How can parents help their kids appreciate what they have? Here are five tips for raising children who don’t take the things around them for granted.
For generations parents have felt that the next generation of children is growing up with too many things. This has never been more true. The low cost of modern manufacturing that contributes to the throwaway lifestyle in the West has also lead to the flood of toys and other items that threaten to drown any home with small children. How then do parents help their children appreciate the things they have? Try these tips.
1. Enforce Clean-up time.
Every child can help clean up. Certainly any child who can walk and carry an object at the same time should be expected to put something away when playtime is over. Try instituting ten minutes of clean-up time at the end of the day, before bath or bedtime. You can set a timer. You can challenge each child to put away as many objects as their age. You can have a race to see who can put ten items away first. You can make a clean up music mix or playlist. (Laurie Berkner’s “Clean it Up” comes to mind.) Eventually, you can put the kids in charge of the kids’ stuff (toys, shoes, socks, etc.) while you do something else (finish folding a load of laundry or wipe down the stovetop).
2. Donate toys and clothes.
When your kids outgrow a size (which seems to happen in minutes), use the opportunity to teach a lesson. Depending on the age of the child and what you feel is appropriate, there are a couple different approaches you could take here. This can be an opportunity to teach a child that some people have less than you do. You can teach the idea that other people sometimes need our help. For a lighter touch, you simply explain that nothing should go to waste. Whatever is not being used in your house can be used in someone else’s.
3. Get out the piggy bank.
There are many ways to teach children the value of money. Perhaps the most realistic way is to offer a small allowance and then require that they pay for a favorite item from their own money. Get out a calendar so children can mark off how long it takes to save the money they need to buy what they want. This will stress the real-world lesson that money tends to come in slowly and go out quickly.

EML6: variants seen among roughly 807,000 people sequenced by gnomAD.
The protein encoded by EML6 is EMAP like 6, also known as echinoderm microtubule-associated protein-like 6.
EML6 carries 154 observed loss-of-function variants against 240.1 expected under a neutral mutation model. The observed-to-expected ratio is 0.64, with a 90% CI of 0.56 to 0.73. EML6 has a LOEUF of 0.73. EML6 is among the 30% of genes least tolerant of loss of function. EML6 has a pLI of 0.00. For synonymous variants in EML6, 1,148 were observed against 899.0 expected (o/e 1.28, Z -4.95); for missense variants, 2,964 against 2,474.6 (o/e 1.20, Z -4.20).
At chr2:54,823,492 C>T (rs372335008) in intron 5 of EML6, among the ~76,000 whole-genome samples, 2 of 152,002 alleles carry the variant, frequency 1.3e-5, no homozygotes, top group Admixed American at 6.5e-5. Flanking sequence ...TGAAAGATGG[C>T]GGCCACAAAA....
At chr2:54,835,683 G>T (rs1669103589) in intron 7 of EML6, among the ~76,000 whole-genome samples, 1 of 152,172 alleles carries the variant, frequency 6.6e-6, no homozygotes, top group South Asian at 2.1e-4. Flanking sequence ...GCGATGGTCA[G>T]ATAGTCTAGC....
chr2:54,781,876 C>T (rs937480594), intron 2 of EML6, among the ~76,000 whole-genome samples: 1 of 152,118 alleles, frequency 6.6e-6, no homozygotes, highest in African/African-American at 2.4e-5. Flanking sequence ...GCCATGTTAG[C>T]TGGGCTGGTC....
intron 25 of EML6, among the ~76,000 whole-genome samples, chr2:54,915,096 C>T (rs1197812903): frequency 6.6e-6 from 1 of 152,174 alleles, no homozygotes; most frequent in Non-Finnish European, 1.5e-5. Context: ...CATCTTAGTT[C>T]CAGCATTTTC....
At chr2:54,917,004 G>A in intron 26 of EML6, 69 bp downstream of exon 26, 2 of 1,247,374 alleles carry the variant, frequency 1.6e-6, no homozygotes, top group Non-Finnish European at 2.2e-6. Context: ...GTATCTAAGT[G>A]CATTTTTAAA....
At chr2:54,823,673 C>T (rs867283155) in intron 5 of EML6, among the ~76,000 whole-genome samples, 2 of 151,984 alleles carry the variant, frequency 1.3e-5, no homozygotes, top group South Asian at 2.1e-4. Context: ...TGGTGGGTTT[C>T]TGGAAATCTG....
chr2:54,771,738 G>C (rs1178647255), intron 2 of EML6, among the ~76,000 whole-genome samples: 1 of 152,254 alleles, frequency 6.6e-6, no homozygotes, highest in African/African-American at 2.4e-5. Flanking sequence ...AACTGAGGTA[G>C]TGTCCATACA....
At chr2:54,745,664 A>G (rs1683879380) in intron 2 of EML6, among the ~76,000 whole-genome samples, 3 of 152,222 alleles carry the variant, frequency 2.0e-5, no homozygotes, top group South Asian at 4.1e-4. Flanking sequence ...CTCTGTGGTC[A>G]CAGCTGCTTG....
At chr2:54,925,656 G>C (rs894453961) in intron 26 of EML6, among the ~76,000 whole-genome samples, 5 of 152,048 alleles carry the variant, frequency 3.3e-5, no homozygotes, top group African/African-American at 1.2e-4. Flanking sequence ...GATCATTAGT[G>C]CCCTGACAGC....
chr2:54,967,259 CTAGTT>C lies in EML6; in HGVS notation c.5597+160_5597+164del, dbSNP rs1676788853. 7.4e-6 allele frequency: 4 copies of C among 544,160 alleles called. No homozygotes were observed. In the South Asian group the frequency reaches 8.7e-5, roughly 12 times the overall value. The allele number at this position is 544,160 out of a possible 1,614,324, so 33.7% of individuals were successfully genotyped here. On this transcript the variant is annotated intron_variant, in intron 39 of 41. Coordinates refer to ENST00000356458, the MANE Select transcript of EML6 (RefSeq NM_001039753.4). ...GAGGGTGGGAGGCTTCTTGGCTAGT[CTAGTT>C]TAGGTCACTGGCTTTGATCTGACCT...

4. Make children pull their weight.
Chores, chores, chores. Are they still important? They are and the reason is simple. Children are not stupid. No matter how you try, teaching children to take care of their toys is often fruitless. Toys are meant to be abused. Toys and pretend play offer children a safe place to learn valuable lessons. Dolls, for instance, teach a child how to care for another living being and allow them to role-play, acting out various scenarios they do not yet fully understand. Because this is their purpose, toys will always take some punishment. However, children know the difference between what is pretend and what is real earlier than you might expect. Having a tea party is an act of imagination, while having dinner with your family is real and requires real work. A child can understand this difference, and therefore can be expected to help set or clear the table.
5. Enjoy some thing-free play.
Once in a while, take your children out to an empty field. Try the field at a local school on a quiet weekend, for example. See what happens. Bring no toys, dolls or sports equipments. Go someplace without a playground. With no “things” what will your family do together?
Try some of these tips. Perhaps your children won’t be the only ones who learn a few lessons.
Published in: Family